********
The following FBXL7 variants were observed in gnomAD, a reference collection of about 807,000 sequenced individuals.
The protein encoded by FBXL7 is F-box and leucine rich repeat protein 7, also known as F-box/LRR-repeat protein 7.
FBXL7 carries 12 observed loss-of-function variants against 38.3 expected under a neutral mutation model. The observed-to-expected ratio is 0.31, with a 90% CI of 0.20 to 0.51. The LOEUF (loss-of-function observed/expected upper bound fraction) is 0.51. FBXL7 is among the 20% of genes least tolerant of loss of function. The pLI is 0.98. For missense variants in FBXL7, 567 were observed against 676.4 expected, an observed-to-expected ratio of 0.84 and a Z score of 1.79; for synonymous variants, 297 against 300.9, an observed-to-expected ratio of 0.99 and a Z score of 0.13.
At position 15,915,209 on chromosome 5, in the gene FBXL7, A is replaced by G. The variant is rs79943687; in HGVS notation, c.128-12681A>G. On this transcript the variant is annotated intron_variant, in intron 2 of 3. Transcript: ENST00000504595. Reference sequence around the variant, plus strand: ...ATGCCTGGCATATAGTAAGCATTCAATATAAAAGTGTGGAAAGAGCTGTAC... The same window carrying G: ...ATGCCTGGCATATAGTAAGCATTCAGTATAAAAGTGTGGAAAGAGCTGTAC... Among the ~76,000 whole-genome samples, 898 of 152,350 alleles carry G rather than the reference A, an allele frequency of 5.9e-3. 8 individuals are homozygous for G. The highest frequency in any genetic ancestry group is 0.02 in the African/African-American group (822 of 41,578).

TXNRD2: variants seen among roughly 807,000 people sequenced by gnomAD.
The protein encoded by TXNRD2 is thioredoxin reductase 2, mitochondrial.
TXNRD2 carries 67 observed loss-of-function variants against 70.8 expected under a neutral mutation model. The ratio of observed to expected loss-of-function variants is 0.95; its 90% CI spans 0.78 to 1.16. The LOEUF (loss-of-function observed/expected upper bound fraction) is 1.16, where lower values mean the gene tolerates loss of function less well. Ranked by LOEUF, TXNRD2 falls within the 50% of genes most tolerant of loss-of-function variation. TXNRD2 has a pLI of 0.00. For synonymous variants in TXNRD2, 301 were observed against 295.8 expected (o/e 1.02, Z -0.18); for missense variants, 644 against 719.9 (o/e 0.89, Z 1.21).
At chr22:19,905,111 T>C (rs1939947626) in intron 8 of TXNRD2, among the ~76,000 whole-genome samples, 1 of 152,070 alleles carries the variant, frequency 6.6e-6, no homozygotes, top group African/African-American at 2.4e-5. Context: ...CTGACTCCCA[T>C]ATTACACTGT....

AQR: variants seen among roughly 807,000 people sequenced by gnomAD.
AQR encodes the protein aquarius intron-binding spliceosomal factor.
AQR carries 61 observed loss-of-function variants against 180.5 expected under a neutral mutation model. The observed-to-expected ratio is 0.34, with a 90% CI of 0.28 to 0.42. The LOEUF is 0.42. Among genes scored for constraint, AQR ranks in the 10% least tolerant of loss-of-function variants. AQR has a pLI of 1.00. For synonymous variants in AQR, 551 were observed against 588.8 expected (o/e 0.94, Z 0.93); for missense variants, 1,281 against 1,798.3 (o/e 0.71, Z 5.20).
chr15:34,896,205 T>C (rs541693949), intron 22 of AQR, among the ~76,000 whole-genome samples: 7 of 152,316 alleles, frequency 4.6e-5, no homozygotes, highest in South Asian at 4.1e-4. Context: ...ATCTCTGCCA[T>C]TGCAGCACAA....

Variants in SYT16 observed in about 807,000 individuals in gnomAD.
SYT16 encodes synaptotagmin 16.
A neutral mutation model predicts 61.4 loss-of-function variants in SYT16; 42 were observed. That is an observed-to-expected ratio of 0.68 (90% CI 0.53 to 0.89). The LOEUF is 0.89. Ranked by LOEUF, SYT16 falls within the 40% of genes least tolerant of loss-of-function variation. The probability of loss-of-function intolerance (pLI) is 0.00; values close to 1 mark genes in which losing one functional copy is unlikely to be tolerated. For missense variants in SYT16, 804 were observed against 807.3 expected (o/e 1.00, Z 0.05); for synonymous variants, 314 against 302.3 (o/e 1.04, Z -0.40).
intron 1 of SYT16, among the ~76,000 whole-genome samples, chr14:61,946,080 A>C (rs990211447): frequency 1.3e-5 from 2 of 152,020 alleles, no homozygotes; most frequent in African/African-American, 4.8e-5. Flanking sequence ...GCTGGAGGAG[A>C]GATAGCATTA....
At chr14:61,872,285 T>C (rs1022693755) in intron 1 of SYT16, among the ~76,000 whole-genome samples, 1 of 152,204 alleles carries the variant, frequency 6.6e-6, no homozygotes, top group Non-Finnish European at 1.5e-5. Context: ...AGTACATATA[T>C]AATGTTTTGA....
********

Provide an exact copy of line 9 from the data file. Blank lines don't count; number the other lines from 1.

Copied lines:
AQR: variants seen among roughly 807,000 people sequenced by gnomAD.